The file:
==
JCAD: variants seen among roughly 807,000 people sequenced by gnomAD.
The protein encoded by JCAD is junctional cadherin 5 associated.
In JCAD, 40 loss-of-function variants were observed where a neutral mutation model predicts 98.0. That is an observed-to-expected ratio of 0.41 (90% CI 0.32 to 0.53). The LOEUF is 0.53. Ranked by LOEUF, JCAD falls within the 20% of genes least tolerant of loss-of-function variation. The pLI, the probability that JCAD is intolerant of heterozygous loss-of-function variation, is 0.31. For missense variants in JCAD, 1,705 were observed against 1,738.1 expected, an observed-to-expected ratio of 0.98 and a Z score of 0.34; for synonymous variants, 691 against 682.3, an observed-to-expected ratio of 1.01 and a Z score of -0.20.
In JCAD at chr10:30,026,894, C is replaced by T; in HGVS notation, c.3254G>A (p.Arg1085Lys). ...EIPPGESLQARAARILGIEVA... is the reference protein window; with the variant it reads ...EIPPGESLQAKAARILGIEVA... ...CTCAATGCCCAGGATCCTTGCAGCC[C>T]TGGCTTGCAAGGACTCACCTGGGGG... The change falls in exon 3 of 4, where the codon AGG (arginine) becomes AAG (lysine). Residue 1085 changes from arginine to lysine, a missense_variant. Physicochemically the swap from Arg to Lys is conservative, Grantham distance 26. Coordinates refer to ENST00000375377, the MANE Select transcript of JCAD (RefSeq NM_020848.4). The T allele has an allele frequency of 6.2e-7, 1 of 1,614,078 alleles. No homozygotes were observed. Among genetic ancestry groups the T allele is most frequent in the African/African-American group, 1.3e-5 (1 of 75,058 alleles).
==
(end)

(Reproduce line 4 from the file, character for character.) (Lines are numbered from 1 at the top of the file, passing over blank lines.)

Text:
In JCAD at chr10:30,026,894, C is replaced by T; in HGVS notation, c.3254G>A (p.Arg1085Lys). ...EIPPGESLQARAARILGIEVA... is the reference protein window; with the variant it reads ...EIPPGESLQAKAARILGIEVA... ...CTCAATGCCCAGGATCCTTGCAGCC[C>T]TGGCTTGCAAGGACTCACCTGGGGG... The change falls in exon 3 of 4, where the codon AGG (arginine) becomes AAG (lysine). Residue 1085 changes from arginine to lysine, a missense_variant. Physicochemically the swap from Arg to Lys is conservative, Grantham distance 26. Coordinates refer to ENST00000375377, the MANE Select transcript of JCAD (RefSeq NM_020848.4). The T allele has an allele frequency of 6.2e-7, 1 of 1,614,078 alleles. No homozygotes were observed. Among genetic ancestry groups the T allele is most frequent in the African/African-American group, 1.3e-5 (1 of 75,058 alleles).